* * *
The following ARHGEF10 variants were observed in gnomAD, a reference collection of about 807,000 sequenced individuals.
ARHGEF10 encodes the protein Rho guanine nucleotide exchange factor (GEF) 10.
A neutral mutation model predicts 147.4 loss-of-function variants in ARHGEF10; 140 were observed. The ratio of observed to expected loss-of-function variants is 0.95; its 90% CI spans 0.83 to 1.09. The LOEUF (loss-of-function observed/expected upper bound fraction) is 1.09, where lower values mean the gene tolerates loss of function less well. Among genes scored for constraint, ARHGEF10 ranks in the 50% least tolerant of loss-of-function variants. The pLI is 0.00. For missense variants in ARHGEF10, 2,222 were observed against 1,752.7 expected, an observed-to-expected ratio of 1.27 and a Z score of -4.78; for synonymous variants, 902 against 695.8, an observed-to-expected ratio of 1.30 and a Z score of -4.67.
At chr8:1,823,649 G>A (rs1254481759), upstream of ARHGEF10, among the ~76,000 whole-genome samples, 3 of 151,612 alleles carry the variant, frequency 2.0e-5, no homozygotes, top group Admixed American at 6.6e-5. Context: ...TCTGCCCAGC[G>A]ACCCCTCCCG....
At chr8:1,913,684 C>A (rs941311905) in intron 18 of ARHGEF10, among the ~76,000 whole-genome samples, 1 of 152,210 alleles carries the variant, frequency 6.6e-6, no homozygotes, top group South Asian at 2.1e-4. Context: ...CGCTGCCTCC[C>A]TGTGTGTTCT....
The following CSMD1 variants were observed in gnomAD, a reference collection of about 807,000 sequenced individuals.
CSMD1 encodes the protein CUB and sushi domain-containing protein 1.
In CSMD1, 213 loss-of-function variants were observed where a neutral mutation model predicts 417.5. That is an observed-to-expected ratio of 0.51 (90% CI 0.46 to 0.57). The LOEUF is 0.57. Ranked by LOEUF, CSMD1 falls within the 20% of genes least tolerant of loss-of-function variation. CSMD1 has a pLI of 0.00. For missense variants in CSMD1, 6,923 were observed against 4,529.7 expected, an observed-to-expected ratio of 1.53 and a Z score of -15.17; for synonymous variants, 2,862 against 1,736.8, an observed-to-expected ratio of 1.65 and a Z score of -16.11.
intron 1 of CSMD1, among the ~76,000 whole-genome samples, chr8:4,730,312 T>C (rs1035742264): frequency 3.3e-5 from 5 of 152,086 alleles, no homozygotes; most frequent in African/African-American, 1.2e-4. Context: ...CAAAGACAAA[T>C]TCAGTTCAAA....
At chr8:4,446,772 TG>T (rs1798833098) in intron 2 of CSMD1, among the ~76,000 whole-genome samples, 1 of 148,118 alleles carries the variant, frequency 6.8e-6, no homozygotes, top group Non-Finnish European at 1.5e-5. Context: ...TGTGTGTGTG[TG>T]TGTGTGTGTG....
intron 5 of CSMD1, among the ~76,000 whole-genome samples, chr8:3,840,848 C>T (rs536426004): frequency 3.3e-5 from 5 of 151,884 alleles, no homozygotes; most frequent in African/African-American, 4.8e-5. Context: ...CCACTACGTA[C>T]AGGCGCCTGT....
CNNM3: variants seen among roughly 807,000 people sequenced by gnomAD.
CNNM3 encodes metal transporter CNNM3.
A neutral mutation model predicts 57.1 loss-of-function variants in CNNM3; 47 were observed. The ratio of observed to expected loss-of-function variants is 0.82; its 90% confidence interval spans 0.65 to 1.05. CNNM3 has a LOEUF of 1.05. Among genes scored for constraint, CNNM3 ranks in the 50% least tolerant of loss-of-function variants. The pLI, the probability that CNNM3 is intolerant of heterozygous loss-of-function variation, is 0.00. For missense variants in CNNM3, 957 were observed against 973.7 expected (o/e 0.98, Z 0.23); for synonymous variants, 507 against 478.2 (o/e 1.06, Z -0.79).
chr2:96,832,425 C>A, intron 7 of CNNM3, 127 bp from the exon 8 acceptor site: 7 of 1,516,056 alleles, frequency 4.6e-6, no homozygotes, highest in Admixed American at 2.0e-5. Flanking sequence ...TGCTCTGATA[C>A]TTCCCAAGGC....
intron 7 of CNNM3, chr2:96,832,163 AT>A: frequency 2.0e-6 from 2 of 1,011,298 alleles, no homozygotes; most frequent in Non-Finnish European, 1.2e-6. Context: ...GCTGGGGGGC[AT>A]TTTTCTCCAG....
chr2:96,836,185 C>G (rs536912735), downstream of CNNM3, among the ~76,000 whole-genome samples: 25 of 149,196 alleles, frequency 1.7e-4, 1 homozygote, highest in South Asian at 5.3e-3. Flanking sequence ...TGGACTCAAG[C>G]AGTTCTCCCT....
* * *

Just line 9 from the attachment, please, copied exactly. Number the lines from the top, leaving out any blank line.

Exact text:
intron 1 of CSMD1, among the ~76,000 whole-genome samples, chr8:4,730,312 T>C (rs1035742264): frequency 3.3e-5 from 5 of 152,086 alleles, no homozygotes; most frequent in African/African-American, 1.2e-4. Context: ...CAAAGACAAA[T>C]TCAGTTCAAA....